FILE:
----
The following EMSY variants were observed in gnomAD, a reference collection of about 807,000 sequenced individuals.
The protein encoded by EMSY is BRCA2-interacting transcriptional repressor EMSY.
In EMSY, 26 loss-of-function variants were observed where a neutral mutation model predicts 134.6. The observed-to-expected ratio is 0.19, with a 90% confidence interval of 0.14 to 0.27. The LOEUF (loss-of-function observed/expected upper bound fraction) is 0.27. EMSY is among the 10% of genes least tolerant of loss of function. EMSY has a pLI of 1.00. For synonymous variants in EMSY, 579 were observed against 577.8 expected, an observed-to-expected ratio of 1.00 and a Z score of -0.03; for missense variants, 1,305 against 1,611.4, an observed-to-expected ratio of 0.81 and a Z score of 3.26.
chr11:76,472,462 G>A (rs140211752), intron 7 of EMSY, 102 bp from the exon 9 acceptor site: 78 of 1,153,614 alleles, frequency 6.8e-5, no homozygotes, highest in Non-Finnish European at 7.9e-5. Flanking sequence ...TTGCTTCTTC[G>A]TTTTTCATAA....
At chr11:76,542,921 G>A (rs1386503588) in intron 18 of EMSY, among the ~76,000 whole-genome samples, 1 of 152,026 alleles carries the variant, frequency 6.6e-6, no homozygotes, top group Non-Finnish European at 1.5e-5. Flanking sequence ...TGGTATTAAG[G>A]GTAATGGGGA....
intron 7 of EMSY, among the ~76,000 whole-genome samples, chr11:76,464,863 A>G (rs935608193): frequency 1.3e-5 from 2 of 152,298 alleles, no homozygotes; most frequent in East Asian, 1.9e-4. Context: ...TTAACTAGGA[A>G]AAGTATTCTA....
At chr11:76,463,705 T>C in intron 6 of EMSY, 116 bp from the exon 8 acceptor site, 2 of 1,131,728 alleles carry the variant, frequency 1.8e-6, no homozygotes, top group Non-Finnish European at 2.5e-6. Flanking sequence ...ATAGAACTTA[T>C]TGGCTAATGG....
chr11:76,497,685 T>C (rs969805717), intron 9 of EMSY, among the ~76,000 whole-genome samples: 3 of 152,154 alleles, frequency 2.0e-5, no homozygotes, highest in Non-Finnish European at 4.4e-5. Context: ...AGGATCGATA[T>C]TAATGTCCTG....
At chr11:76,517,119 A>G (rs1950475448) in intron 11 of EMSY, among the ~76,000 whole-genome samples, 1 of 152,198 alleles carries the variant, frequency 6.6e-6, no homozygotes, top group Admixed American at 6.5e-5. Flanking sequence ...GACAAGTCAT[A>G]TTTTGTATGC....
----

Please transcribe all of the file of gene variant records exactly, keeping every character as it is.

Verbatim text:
The following EMSY variants were observed in gnomAD, a reference collection of about 807,000 sequenced individuals.
The protein encoded by EMSY is BRCA2-interacting transcriptional repressor EMSY.
In EMSY, 26 loss-of-function variants were observed where a neutral mutation model predicts 134.6. The observed-to-expected ratio is 0.19, with a 90% confidence interval of 0.14 to 0.27. The LOEUF (loss-of-function observed/expected upper bound fraction) is 0.27. EMSY is among the 10% of genes least tolerant of loss of function. EMSY has a pLI of 1.00. For synonymous variants in EMSY, 579 were observed against 577.8 expected, an observed-to-expected ratio of 1.00 and a Z score of -0.03; for missense variants, 1,305 against 1,611.4, an observed-to-expected ratio of 0.81 and a Z score of 3.26.
chr11:76,472,462 G>A (rs140211752), intron 7 of EMSY, 102 bp from the exon 9 acceptor site: 78 of 1,153,614 alleles, frequency 6.8e-5, no homozygotes, highest in Non-Finnish European at 7.9e-5. Flanking sequence ...TTGCTTCTTC[G>A]TTTTTCATAA....
At chr11:76,542,921 G>A (rs1386503588) in intron 18 of EMSY, among the ~76,000 whole-genome samples, 1 of 152,026 alleles carries the variant, frequency 6.6e-6, no homozygotes, top group Non-Finnish European at 1.5e-5. Flanking sequence ...TGGTATTAAG[G>A]GTAATGGGGA....
intron 7 of EMSY, among the ~76,000 whole-genome samples, chr11:76,464,863 A>G (rs935608193): frequency 1.3e-5 from 2 of 152,298 alleles, no homozygotes; most frequent in East Asian, 1.9e-4. Context: ...TTAACTAGGA[A>G]AAGTATTCTA....
At chr11:76,463,705 T>C in intron 6 of EMSY, 116 bp from the exon 8 acceptor site, 2 of 1,131,728 alleles carry the variant, frequency 1.8e-6, no homozygotes, top group Non-Finnish European at 2.5e-6. Flanking sequence ...ATAGAACTTA[T>C]TGGCTAATGG....
chr11:76,497,685 T>C (rs969805717), intron 9 of EMSY, among the ~76,000 whole-genome samples: 3 of 152,154 alleles, frequency 2.0e-5, no homozygotes, highest in Non-Finnish European at 4.4e-5. Context: ...AGGATCGATA[T>C]TAATGTCCTG....
At chr11:76,517,119 A>G (rs1950475448) in intron 11 of EMSY, among the ~76,000 whole-genome samples, 1 of 152,198 alleles carries the variant, frequency 6.6e-6, no homozygotes, top group Admixed American at 6.5e-5. Flanking sequence ...GACAAGTCAT[A>G]TTTTGTATGC....